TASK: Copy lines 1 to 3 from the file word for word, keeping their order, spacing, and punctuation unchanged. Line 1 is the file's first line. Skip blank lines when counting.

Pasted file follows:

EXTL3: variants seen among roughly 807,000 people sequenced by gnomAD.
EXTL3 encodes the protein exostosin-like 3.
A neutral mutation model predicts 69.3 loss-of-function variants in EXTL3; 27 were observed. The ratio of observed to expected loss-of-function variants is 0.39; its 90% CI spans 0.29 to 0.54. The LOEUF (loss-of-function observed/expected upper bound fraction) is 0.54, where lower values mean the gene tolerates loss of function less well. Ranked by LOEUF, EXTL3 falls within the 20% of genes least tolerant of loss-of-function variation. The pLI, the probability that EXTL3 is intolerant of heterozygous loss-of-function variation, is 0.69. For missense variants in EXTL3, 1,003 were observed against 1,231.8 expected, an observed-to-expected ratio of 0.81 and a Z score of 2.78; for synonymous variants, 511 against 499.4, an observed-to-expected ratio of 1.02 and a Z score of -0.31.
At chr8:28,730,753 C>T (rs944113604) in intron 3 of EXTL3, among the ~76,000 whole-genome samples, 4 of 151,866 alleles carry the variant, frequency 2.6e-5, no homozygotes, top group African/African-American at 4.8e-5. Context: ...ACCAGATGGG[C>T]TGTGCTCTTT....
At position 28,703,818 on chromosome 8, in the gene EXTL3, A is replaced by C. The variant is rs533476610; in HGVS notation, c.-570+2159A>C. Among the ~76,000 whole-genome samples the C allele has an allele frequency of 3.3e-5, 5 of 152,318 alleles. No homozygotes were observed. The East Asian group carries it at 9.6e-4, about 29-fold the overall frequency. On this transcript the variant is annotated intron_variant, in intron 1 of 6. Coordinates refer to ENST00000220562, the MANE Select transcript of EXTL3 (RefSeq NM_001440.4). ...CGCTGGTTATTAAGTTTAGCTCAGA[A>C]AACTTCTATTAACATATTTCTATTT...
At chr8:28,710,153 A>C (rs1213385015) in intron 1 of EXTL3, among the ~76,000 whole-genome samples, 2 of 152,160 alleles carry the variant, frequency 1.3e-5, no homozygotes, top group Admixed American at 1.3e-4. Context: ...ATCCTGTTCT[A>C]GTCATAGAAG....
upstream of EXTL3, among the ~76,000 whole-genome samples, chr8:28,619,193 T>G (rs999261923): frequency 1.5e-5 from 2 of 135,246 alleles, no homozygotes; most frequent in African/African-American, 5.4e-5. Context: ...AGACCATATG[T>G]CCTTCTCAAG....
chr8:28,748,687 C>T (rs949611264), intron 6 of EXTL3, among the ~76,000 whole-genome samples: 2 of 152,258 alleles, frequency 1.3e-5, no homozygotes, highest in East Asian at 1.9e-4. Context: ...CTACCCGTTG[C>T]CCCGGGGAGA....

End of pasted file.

EXTL3: variants seen among roughly 807,000 people sequenced by gnomAD.
EXTL3 encodes the protein exostosin-like 3.
A neutral mutation model predicts 69.3 loss-of-function variants in EXTL3; 27 were observed. The ratio of observed to expected loss-of-function variants is 0.39; its 90% CI spans 0.29 to 0.54. The LOEUF (loss-of-function observed/expected upper bound fraction) is 0.54, where lower values mean the gene tolerates loss of function less well. Ranked by LOEUF, EXTL3 falls within the 20% of genes least tolerant of loss-of-function variation. The pLI, the probability that EXTL3 is intolerant of heterozygous loss-of-function variation, is 0.69. For missense variants in EXTL3, 1,003 were observed against 1,231.8 expected, an observed-to-expected ratio of 0.81 and a Z score of 2.78; for synonymous variants, 511 against 499.4, an observed-to-expected ratio of 1.02 and a Z score of -0.31.